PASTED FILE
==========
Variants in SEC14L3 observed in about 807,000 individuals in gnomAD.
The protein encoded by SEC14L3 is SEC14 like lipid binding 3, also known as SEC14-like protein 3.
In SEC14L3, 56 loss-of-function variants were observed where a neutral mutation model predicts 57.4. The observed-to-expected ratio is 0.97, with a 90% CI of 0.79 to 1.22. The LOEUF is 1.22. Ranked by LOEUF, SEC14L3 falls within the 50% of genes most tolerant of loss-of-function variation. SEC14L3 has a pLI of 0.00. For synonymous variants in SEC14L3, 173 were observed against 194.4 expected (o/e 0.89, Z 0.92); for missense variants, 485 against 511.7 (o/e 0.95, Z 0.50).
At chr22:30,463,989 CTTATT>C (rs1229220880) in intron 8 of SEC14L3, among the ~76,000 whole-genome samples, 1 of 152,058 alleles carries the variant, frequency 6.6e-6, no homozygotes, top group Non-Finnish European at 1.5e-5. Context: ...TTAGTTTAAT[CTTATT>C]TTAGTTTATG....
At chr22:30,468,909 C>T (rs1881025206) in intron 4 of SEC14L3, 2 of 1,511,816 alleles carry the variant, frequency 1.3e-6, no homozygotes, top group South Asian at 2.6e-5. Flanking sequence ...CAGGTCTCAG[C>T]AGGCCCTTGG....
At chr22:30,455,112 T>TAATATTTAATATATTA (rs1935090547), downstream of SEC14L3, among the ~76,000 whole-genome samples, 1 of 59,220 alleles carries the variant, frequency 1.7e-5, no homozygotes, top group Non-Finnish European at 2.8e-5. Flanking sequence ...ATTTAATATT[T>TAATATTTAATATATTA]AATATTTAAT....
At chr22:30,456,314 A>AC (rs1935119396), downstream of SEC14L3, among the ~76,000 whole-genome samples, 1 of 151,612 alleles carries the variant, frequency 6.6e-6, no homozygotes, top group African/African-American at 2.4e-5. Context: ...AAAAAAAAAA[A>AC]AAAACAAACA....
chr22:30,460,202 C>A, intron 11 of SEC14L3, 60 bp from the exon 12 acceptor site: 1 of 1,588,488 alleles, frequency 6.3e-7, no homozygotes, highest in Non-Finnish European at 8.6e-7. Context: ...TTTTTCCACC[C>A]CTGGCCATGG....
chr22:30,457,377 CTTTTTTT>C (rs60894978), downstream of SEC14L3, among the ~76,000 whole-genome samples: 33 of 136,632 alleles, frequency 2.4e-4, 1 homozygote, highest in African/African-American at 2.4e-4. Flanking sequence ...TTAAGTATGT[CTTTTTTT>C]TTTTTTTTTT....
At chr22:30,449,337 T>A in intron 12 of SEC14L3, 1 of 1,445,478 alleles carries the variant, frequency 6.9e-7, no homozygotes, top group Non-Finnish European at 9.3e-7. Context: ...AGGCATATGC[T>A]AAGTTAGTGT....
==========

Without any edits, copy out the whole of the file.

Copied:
Variants in SEC14L3 observed in about 807,000 individuals in gnomAD.
The protein encoded by SEC14L3 is SEC14 like lipid binding 3, also known as SEC14-like protein 3.
In SEC14L3, 56 loss-of-function variants were observed where a neutral mutation model predicts 57.4. The observed-to-expected ratio is 0.97, with a 90% CI of 0.79 to 1.22. The LOEUF is 1.22. Ranked by LOEUF, SEC14L3 falls within the 50% of genes most tolerant of loss-of-function variation. SEC14L3 has a pLI of 0.00. For synonymous variants in SEC14L3, 173 were observed against 194.4 expected (o/e 0.89, Z 0.92); for missense variants, 485 against 511.7 (o/e 0.95, Z 0.50).
At chr22:30,463,989 CTTATT>C (rs1229220880) in intron 8 of SEC14L3, among the ~76,000 whole-genome samples, 1 of 152,058 alleles carries the variant, frequency 6.6e-6, no homozygotes, top group Non-Finnish European at 1.5e-5. Context: ...TTAGTTTAAT[CTTATT>C]TTAGTTTATG....
At chr22:30,468,909 C>T (rs1881025206) in intron 4 of SEC14L3, 2 of 1,511,816 alleles carry the variant, frequency 1.3e-6, no homozygotes, top group South Asian at 2.6e-5. Flanking sequence ...CAGGTCTCAG[C>T]AGGCCCTTGG....
At chr22:30,455,112 T>TAATATTTAATATATTA (rs1935090547), downstream of SEC14L3, among the ~76,000 whole-genome samples, 1 of 59,220 alleles carries the variant, frequency 1.7e-5, no homozygotes, top group Non-Finnish European at 2.8e-5. Flanking sequence ...ATTTAATATT[T>TAATATTTAATATATTA]AATATTTAAT....
At chr22:30,456,314 A>AC (rs1935119396), downstream of SEC14L3, among the ~76,000 whole-genome samples, 1 of 151,612 alleles carries the variant, frequency 6.6e-6, no homozygotes, top group African/African-American at 2.4e-5. Context: ...AAAAAAAAAA[A>AC]AAAACAAACA....
chr22:30,460,202 C>A, intron 11 of SEC14L3, 60 bp from the exon 12 acceptor site: 1 of 1,588,488 alleles, frequency 6.3e-7, no homozygotes, highest in Non-Finnish European at 8.6e-7. Context: ...TTTTTCCACC[C>A]CTGGCCATGG....
chr22:30,457,377 CTTTTTTT>C (rs60894978), downstream of SEC14L3, among the ~76,000 whole-genome samples: 33 of 136,632 alleles, frequency 2.4e-4, 1 homozygote, highest in African/African-American at 2.4e-4. Flanking sequence ...TTAAGTATGT[CTTTTTTT>C]TTTTTTTTTT....
At chr22:30,449,337 T>A in intron 12 of SEC14L3, 1 of 1,445,478 alleles carries the variant, frequency 6.9e-7, no homozygotes, top group Non-Finnish European at 9.3e-7. Context: ...AGGCATATGC[T>A]AAGTTAGTGT....